LAGOS — Tech startup founder Ebun Okubanjo watched with dismay as his home city of Lagos entered a coronavirus-containment lockdown, knowing well that millions of Nigerians on the margins could be left with nothing.
So he and his team used their expertise to create a crowdfunding site, “We Are Together”, to distribute cash to those in difficulty who apply for help.
Others in Nigeria’s flourishing tech sector have also put their skills to use to help cushion the economic fallout of the coronavirus.
“The reality is to tell people to stay home, and not work .. you have to give them something,” Okubanjo told Reuters.
Africa’s informal sector accounts for more than 85% of employment across the continent and has been largely bypassed by limited support measures from cash-strapped governments.
An African Union study warned that the pandemic puts some 20 million jobs at risk in Africa, with the continent’s economies projected to shrink this year.
While Nigeria said the lockdowns will begin to gradually ease from May 4, it is not yet clear who will be able to go back to work, and the economic impact will be lasting.
Okubajo said his site, and others like it, are effectively a DIY economic stimulus, allowing those with cash to prevent people from falling into destitution.
Emmanuel Onyeahiolam, 30, an electrical equipment contractor, got 10,000 naira ($27.78) from We Are Together.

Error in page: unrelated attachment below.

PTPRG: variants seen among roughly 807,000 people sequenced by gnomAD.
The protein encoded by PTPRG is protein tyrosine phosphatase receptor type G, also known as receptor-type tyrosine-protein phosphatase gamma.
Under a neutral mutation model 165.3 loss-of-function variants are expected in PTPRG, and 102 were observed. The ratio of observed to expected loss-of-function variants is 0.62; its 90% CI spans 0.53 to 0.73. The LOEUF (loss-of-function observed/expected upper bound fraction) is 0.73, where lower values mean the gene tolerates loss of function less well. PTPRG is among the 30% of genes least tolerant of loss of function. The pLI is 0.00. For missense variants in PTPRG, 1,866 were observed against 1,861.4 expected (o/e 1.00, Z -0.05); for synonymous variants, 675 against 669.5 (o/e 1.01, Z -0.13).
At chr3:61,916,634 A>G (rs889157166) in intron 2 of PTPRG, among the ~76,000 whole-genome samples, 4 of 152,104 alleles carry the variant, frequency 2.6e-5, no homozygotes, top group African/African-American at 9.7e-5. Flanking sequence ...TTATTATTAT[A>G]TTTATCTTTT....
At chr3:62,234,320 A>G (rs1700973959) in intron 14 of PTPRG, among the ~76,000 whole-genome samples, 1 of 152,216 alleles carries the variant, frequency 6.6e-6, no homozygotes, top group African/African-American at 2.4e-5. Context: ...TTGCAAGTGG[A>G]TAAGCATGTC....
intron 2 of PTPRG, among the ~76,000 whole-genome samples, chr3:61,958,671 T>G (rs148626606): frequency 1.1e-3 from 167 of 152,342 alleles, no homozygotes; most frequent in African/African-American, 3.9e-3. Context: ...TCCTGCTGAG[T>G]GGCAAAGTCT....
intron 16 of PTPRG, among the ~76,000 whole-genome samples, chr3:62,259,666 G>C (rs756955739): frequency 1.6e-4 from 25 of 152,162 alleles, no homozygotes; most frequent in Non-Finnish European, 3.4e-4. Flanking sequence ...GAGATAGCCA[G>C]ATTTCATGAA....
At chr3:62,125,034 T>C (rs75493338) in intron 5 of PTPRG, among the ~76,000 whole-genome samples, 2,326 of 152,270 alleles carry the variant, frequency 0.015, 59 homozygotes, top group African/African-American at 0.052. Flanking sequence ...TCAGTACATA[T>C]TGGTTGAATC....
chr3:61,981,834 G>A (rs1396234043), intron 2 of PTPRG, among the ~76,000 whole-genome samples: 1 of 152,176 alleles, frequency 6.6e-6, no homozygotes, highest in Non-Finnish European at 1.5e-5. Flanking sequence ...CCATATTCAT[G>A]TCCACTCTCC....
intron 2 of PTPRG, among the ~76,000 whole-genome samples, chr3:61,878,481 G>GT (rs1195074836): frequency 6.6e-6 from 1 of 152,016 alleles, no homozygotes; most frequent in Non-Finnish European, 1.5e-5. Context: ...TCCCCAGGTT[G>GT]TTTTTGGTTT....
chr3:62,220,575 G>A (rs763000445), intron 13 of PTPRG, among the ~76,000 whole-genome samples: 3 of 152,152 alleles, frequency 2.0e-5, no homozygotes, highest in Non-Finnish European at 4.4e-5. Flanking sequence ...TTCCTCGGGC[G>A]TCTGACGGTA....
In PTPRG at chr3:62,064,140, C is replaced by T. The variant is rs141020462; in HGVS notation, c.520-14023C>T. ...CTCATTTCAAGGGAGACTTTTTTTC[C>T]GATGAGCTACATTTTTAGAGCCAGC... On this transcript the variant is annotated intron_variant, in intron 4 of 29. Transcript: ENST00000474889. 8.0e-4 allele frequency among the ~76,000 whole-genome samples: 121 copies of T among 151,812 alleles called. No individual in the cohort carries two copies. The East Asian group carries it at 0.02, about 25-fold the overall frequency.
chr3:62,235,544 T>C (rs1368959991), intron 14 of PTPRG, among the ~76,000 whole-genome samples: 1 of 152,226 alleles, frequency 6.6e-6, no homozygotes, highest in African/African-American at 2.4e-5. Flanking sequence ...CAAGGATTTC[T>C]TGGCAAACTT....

He said he was abruptly unable to work when Lagos locked down, and his last client was not able to pay him immediately.
“It’s not too convenient for me to stay for a long time without working,” he said, adding that food costs had gone up fivefold. “It’s just scary.”
We Are Together raised more than 17 million naira ($47,222) and distributed it to 1,739 recipients.
Justin Irabor, a tech worker with Nigerian startup Eden Life Inc, founded “Angels Among Us” with a team of volunteer software engineers. The site matches donors directly with recipients, and has enabled more than 2 million naira in donations.
Both platforms are primarily online – a fact that puts them out of reach to the poorest Nigerians.
Both sites must also to an extent take applicants at their word, although Angels Among Us tries to vet its recipients and volunteers call to verify their stories. The site tries to use bank-issued biometric identification numbers to prevent graft.
We Are Together uses location technology to ensure that recipients are in the parts of the country under federally mandated lockdown, and not in wealthy parts of those states.
Okubanjo conceded the system is not perfect – and that some who do not need cash could get it. But it is a risk worth taking.
“For now, hope is our strategy,” Okubanjo said. “The point is to avoid utter destitution – hunger, desperation and chaos.”
(Reporting By Libby George and Nneka Chile; Editing by Alexandra Hudson)